Where more suitable land is available, different economic activities are developed. For example, cities use land for various purposes such as industries, education, entertainment, transport, commerce, etc. Therefore, cities have economic development.

Hence, physical factors are said to affect the economic development of the region.

Question 2.
Measures to reduce regional imbalance.

• The following measures along with numerous policies are considered by the government to reduce regional imbalance.
• The underdeveloped regions are identified and its economic, physical and social reasons for the non-development are studied.
• Regions which require monetary support in a particular sector or field are funded through sector-wise investments to improve the conditions.
• Subsidies are given to certain sectors. Investment is made for improvements of roads, schools, agriculture, irrigation, industries, housing, medical and health facilities, etc.
• Special attention is given to areas facing problems such as frequent droughts, deserts or hilly and tribal-dominated areas.
• The very important strategy to reduce regional imbalances is decentralisation of industries.

4. Give geographical reasons.

Question 1.
Regional development is dependent on physical setting.

• The physical factors like relief, climate and location of the region affect the regional development.
• Regional development occurs where agriculture, agro-based industries and trade is developed in areas where there is plain relief and sufficient rainfall. For example, Asian countries have developed agriculture and trade of agricultural goods.
• Plain relief and sufficient rainfall encourage development of transportation and industries.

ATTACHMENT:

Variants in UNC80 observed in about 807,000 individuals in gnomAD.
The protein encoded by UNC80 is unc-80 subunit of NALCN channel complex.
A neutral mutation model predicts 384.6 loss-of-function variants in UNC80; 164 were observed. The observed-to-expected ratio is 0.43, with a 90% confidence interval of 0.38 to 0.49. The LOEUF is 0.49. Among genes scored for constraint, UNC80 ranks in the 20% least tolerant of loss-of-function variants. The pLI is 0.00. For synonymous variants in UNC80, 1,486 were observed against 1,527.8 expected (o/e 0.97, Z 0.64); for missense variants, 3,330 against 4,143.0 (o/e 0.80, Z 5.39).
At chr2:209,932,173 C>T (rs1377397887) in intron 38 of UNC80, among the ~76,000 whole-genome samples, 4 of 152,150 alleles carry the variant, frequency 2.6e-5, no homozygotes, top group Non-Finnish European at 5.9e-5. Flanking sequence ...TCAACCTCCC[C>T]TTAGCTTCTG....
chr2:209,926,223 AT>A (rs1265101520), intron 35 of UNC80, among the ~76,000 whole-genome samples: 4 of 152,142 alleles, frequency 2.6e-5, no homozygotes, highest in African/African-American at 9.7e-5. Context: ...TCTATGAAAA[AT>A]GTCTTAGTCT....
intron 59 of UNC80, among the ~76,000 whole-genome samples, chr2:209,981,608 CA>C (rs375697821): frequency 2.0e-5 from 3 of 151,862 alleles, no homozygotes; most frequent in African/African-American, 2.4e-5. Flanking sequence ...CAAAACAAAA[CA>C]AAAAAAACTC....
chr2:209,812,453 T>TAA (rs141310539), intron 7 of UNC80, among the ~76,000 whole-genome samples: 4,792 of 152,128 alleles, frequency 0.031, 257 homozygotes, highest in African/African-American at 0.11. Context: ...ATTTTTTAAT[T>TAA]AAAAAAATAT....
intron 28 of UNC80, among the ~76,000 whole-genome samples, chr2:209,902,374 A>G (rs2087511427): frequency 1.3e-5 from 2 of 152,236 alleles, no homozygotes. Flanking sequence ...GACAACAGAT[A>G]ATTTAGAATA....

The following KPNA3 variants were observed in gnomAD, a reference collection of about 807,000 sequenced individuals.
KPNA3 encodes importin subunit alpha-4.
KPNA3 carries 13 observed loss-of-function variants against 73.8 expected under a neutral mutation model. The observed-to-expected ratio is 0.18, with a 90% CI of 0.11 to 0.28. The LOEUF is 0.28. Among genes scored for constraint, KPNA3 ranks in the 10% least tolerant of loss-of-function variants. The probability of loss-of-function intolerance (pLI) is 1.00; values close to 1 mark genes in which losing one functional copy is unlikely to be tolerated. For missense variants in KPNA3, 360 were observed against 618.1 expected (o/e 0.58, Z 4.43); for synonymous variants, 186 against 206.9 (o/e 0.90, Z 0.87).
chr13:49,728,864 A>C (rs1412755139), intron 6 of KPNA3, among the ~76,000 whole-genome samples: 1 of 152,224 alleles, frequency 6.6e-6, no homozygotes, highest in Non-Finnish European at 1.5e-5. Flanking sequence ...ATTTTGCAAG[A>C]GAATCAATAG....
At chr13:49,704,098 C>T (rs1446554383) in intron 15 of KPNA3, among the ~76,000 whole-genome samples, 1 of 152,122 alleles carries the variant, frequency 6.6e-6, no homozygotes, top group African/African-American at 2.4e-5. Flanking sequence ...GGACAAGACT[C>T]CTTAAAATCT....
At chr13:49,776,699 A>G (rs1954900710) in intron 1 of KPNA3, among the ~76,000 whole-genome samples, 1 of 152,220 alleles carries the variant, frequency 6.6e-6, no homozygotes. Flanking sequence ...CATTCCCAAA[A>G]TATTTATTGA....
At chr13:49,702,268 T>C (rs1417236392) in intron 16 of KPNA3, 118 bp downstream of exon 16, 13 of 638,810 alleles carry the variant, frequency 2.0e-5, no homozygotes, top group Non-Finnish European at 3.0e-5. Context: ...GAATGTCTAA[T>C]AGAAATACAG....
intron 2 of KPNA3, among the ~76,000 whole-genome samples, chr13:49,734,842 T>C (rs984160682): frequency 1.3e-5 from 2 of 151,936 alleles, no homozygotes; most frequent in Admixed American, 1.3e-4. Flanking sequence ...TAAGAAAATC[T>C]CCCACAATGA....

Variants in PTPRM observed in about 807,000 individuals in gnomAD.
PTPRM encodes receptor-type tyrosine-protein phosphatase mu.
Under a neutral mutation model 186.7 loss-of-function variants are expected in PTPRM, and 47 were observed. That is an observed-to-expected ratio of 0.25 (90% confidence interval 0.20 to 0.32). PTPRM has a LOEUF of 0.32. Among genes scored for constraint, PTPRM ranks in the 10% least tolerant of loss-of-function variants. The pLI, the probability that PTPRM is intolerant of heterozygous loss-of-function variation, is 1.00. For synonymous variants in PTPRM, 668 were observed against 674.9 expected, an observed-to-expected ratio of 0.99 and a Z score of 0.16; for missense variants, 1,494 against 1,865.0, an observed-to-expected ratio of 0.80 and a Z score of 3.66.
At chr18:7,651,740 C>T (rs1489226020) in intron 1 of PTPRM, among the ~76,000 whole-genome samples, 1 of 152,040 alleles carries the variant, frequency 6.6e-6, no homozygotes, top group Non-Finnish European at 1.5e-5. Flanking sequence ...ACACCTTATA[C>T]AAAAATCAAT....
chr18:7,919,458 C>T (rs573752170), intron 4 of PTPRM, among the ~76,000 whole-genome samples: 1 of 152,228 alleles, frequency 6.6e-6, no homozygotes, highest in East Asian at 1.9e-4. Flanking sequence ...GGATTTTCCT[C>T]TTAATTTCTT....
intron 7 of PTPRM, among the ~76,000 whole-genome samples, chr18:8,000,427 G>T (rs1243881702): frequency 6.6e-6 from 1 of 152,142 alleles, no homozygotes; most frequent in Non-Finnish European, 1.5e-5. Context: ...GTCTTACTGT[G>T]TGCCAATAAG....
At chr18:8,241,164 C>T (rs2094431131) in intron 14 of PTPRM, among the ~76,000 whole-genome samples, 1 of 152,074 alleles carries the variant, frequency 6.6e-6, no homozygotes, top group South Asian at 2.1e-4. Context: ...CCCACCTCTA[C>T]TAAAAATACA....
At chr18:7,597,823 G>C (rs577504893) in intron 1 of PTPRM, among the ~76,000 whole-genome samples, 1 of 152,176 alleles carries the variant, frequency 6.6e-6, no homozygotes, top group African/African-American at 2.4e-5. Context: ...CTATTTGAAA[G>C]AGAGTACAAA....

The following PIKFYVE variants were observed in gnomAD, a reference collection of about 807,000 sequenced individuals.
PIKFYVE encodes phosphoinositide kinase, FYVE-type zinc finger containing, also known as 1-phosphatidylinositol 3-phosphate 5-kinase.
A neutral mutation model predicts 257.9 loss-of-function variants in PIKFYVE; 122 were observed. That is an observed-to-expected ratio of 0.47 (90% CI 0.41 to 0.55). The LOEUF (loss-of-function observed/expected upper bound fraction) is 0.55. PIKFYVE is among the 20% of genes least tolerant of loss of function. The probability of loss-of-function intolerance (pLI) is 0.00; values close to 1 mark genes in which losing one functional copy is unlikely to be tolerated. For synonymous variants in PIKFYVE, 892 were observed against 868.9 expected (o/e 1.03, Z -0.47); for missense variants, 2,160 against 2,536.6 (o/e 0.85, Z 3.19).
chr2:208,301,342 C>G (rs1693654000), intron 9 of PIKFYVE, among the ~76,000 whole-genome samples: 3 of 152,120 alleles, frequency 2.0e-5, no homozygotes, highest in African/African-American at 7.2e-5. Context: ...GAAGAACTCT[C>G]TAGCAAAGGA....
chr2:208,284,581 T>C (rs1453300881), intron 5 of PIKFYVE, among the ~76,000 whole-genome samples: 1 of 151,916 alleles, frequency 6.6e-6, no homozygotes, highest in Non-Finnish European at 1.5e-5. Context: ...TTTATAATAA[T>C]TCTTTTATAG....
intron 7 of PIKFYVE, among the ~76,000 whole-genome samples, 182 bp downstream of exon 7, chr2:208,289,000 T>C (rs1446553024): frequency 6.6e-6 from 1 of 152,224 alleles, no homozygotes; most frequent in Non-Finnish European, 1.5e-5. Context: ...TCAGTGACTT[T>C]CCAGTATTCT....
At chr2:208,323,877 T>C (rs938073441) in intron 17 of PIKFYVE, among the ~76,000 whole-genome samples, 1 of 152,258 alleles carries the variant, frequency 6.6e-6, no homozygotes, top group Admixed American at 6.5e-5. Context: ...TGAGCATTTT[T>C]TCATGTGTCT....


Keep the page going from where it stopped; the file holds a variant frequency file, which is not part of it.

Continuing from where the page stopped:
• There is poor development of economic activities in areas with unfavourable relief like mountains or hills and extreme climate. For example, in the northern part of Russia, economic development is poor due to extreme cold climate.
• Location of the country is an important factor. If there is a long and broken coastline, then there is development of trade and economy. For example, Japan has economically developed in spite of limited natural resources, due to the development of trade.
• On the other hand, landlocked countries remain isolated. They cannot develop trade due to absence of coastline. Such countries have poor economic development. For example, Afghanistan, Nepal.
• Thus, there is relationship between regional development and physical factors and therefore, we can say the regional development depends on physical factors.

Question 2.
Factors like literacy, poverty affect the regional development.

• Literacy and poverty are the important factors affecting the regional development.
• High literacy rate determines the quality of human population. This increases the availability of employment opportunities and development of resources, which contributes to the economic growth and regional development.
• Due to high literacy rate, the population growth is controlled and resources are shared among less people in the country.
• However, poverty decreases the purchasing powers resulting in a decline in the demand for goods, which reduces the production and drops the economic development and GDP of a country.
• Hence, poverty and literacy affect regional development.

Question 3.
Development is not seen in the Himalayan region.

• Relief and climate are the most important factors affecting the development of any region.
• The Himalayan region has high mountains with a steep slope. The climate is cold and the mountains are covered with snow. There is heavy soil erosion and hardly plain land, so agriculture is not developed.
• In this mountainous region, it is difficult and expensive to develop transportation facilities. Hence, there is poor development of industries.